USB 2.0 has been with us since April of 2000, giving us 10 years of USB goodness and running at 480Mb/s (35MB/s). You can get almost anything USB now-a-days, including external tape decks and turntables. Hard to believe there are over 161 million USB devices out there as of March 2009. Many people have been happy with USB 2.0. On January 5th, 2010, USB 3.0 was released with an astounding 5Gb/s theoretical throughput! After protocol overhead, 400MB/s should be easily achieved…that’s over 10 times faster! Lets go over the changes to the new 3.0 spec.
- Higher transfer rates.
- Increased maximum bus power to 900 Ma, from 500Ma.
- Full duplex data transfers (read and write simultaneously)
- New cables for high speed transfers, however backward compatible with USB 2.0 devices.
- SUPERSPEED USB has a 5 Gbps signaling rate, offering 10x performance increase over Hi-Speed USB.
The NEC (D720200F1) host controller is the magic to this card, allowing USB 3.0 to achieve 5Gb/s speeds.
Ok, enough with the technical talk, lets see some benchmarks!
Ok, as you already know we are using the ASUS U3S6 4x PCI-e add-in card, along with the Bytecc Super Speed USB 3.0 T-200U3 external docking station.
As you can see, USB 3.0 is just as fast has having eSATA device. USB is much more popular than eSATA, and as time goes on, you’ll be seeing more USB 3.0 devices and controllers. Personally, I’m interested in larger USB flash drives carrying the 3.0 spec. Since it is now full duplex, we may be able to install on OS onto it, and since its 10 times faster, we may have ourselves an SSD alternative for a Multi-OS system. With a few 32gig USB 3.0 flash drives laying around, you can have Linux, W7 and or XP right at your finger tips. How cool would that be?
Since the impressive part is out of the way, lets take a closer look at the U3S6 controller.
What do you see that this card does NOT have? You are correct, no external power connector! Having a 4x PCIe has its advantages other than more throughput – more power as well! Plus since 1x PCIe has a limit of 250MB/s, having a 4x slot eliminates the bottle neck. However, having all 4 ports running could have some issues in terms of bandwidth. Which can not be proven at the writing of this review. I do not have SATA 3 SSD’s drives to test.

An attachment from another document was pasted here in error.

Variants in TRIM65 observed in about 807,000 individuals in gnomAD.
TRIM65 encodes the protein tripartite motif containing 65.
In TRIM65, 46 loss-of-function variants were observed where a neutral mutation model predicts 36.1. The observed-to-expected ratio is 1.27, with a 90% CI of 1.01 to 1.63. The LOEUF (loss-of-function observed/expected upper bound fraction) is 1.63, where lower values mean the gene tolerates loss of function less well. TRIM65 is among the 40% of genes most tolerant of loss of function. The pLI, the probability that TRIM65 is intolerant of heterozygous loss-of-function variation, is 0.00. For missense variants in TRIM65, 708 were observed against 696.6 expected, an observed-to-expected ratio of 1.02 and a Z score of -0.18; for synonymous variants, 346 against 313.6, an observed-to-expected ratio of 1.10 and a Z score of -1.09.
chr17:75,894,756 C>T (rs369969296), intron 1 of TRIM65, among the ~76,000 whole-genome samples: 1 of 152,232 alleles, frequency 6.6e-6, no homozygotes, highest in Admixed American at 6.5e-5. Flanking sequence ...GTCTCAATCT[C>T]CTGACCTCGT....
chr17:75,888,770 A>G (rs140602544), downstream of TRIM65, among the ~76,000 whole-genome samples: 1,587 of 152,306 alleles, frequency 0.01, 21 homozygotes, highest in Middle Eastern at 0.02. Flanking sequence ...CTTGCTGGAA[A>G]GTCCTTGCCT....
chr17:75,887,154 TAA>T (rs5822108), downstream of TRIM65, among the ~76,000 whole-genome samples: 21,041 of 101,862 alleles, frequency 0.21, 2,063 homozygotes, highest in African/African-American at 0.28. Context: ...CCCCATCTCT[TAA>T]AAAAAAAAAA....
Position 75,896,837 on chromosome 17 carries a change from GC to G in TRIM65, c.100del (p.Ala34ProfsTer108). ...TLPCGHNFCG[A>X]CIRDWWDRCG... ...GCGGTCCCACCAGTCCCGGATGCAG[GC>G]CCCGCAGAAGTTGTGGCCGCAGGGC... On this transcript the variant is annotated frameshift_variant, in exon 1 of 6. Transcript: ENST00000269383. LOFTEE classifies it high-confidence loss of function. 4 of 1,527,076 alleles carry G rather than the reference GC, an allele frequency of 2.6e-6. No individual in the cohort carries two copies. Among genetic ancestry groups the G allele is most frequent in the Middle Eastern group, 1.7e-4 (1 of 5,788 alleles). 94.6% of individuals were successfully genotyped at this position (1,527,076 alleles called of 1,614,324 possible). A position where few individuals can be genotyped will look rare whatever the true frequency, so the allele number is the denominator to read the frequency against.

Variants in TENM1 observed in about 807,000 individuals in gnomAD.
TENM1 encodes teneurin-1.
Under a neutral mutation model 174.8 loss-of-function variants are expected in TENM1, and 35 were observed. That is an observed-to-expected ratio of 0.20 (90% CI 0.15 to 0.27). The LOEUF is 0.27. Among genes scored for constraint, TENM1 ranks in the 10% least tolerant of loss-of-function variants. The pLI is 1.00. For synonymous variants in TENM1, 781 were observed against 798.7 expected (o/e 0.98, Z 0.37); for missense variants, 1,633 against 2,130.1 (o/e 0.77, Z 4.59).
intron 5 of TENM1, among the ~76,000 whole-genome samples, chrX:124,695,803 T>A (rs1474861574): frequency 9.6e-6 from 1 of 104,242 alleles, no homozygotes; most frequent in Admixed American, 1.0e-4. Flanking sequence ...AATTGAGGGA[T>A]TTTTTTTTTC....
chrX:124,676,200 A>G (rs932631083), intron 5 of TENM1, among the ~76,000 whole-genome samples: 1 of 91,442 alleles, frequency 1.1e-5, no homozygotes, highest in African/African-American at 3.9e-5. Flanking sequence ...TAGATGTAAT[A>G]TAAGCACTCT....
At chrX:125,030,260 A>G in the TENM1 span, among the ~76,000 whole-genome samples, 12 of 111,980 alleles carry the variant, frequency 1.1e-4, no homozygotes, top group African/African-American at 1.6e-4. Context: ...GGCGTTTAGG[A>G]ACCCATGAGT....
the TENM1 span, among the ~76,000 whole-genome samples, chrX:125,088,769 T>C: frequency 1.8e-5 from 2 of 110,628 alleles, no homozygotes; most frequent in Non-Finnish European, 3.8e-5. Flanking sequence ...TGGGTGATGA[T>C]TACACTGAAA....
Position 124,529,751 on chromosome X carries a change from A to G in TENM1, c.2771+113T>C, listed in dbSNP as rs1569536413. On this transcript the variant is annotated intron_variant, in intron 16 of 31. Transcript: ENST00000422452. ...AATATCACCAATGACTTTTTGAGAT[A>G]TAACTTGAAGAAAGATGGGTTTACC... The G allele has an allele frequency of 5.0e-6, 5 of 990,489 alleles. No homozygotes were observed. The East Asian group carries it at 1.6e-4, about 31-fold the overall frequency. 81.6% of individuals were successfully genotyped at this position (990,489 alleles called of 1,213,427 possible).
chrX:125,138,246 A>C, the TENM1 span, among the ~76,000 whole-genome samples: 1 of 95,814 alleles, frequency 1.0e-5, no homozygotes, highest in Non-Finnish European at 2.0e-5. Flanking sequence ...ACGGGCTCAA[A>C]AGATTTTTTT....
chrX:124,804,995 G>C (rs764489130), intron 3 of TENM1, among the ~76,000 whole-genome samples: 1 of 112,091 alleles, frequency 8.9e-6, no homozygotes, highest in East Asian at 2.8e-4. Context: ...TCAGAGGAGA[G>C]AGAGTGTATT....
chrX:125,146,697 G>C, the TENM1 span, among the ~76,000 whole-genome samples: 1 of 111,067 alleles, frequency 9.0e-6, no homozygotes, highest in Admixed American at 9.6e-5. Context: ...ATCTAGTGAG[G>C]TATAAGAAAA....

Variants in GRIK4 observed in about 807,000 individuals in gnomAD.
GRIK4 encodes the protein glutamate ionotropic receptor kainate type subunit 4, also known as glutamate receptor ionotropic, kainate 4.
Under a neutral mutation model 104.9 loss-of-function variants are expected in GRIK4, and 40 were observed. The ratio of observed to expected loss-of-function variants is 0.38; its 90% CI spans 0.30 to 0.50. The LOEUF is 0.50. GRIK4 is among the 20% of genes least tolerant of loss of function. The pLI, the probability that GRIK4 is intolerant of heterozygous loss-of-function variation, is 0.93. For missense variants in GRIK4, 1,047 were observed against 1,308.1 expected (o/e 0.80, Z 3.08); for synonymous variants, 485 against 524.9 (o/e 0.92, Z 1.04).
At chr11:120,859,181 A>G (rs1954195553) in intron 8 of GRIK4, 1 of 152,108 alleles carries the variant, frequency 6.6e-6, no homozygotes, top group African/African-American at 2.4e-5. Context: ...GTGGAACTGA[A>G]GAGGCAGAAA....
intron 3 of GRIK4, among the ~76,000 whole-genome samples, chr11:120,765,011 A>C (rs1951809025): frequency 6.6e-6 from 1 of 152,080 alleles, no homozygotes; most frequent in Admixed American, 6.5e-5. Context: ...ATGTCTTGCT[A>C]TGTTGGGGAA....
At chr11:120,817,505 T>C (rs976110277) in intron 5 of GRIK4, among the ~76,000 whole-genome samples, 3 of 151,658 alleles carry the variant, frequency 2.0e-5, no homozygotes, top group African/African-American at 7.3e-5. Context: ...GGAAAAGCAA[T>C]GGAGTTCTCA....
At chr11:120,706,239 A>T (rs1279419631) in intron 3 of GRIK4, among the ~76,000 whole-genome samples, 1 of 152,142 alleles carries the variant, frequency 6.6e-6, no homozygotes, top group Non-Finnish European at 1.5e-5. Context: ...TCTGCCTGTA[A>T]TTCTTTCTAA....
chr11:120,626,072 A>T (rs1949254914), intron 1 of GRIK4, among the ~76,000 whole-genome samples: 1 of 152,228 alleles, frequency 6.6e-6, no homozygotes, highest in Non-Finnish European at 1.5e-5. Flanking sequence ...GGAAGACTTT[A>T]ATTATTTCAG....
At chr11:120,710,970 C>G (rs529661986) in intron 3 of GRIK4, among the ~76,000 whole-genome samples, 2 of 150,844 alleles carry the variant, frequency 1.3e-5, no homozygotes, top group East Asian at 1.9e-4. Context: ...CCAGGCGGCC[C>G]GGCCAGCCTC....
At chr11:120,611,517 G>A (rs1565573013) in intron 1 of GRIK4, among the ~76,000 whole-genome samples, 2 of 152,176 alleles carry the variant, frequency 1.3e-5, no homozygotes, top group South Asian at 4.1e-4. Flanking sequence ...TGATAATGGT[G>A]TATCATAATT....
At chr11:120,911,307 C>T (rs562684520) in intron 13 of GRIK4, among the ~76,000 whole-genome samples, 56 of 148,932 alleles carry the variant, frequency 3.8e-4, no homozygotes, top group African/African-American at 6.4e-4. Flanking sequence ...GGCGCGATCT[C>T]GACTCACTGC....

As you can see that these ports are backward compatible with USB 2.0 and 1.1.
We can see there is a huge advantage having USB 3.0. Its essentially eSATA but in USB form. Having the ability to achieve SATAII speeds via USB is just amazing. I was extremely impressed with the 150gig Vraptor achieving 122MB/s read! We can now install an OS on an external USB drive, and probably setup RAID as well. Full duplex is a huge plus for USB3.0.
A few people might not want to lose a 16x graphics slot for this device, since it will kill the chance of ever going SLI or Crossfire, and some may argue that 1x solution cards are fine for them because they’ll never hit the 250MB/s cap as mechanical drives do not come close to hitting this. However, the U3S6 has two SATA 6G ports as well, which probably would not work too well at 1x speeds. There is a ying and a yang to everything. Pro’s and cons. What do you want?
On the other hand, I love it and will be buying more of them since its not limited to the P55 chipset. ASUS is stating that it will be only compatible with their motherboards. This is clearly not the case. I’ve tested the U3S6 in the P965 and G31 boards, and both have worked flawlessly. So if you think you can’t get USB 3.0 on an older system, you’re mistaken! Most likely this is a ploy to try and force you in buying more ASUS products to use the U3S6 device. I love it, however you’ll lose a 16x slot to use it.